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Bedwetting

Categories: Pediatric Health

Getting up in the middle of the night to change wet sheets and console an embarrassed child happens in most homes at some point.

Bedwetting often comes with the potty training territory, but for some children it lasts much longer than it should.

Generally, bedwetting before age 7 isn’t too much of a concern, but if it persists, it might be time to seek help.

The old school of thought says bedwetting occurs in children who are deep sleepers and have higher-than-normal urine production.

We now know this isn’t the case.

Bedwetting doesn’t happen because a child is sleeping too hard to wake up. It happens because the connection between the brain and the bladder isn’t firing quite right.

For some kids, this connection simply takes longer to develop.

Bedwetting happens more frequently in boys than in girls and, studies show, if both parents were bedwetters as children, their child has a 50/50 chance of also having an issue. It even affects up to 3 percent of teenagers.

To end bedwetting, we need to train the brain to better respond when the bladder is full.

There are tools, such as alarms that can be placed in the underwear, that sound when a child starts to urinate.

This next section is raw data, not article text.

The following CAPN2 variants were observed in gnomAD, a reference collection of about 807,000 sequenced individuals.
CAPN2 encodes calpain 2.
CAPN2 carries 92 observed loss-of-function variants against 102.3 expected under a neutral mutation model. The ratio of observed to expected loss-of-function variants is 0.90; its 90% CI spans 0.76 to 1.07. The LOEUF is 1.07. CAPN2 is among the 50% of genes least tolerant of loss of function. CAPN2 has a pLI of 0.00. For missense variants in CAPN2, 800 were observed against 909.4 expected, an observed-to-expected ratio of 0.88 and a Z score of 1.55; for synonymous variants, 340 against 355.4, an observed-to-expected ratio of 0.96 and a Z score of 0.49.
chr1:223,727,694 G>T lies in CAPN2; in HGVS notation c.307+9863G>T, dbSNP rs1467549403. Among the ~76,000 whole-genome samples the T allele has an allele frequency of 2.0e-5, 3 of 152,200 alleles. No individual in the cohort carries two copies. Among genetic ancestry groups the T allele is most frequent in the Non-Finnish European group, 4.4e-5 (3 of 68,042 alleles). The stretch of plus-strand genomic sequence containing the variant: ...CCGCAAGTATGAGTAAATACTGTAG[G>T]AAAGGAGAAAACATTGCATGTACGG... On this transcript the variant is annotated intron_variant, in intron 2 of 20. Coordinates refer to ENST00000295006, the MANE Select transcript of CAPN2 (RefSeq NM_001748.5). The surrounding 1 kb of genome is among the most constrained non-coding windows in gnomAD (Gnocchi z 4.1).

The theory is: The alarm goes off early enough in the process to wake the child so they can make it to the bathroom.

However, for this method to really be effective, a parent should be in the same room so when the alarm sounds, they can ensure their child gets up in time to use the restroom.

There also is medication available to reduce urine output at night so there is a lesser chance of bedwetting.

The most important thing to know during this process is to never blame your child for wetting the bed. Don’t punish, shame or make fun of them, because it is not their fault.

And if your child previously stayed dry at night and seems to have started bed wetting out of nowhere, there could be other issues going on such as a urinary tract infection or constipation.

In that scenario, call your doctor right away.

With a little patience, some method experimentation and guidance from your doctor, your child will soon realize a good — and dry — night’s sleep.

Meet the Author

Meigan Everts, MD, FAAP

Specialty: Pediatrics

Dr. Everts believes quality pediatric care occurs from birth through adolescence. According to her, “I like to take care of the whole person, understanding the physical, mental and social aspects of my patients. This helps me get a complete picture of how best to care for them. Most of all, I value building relationships and encouraging healthy two-way communication with my patients." View Bio [+]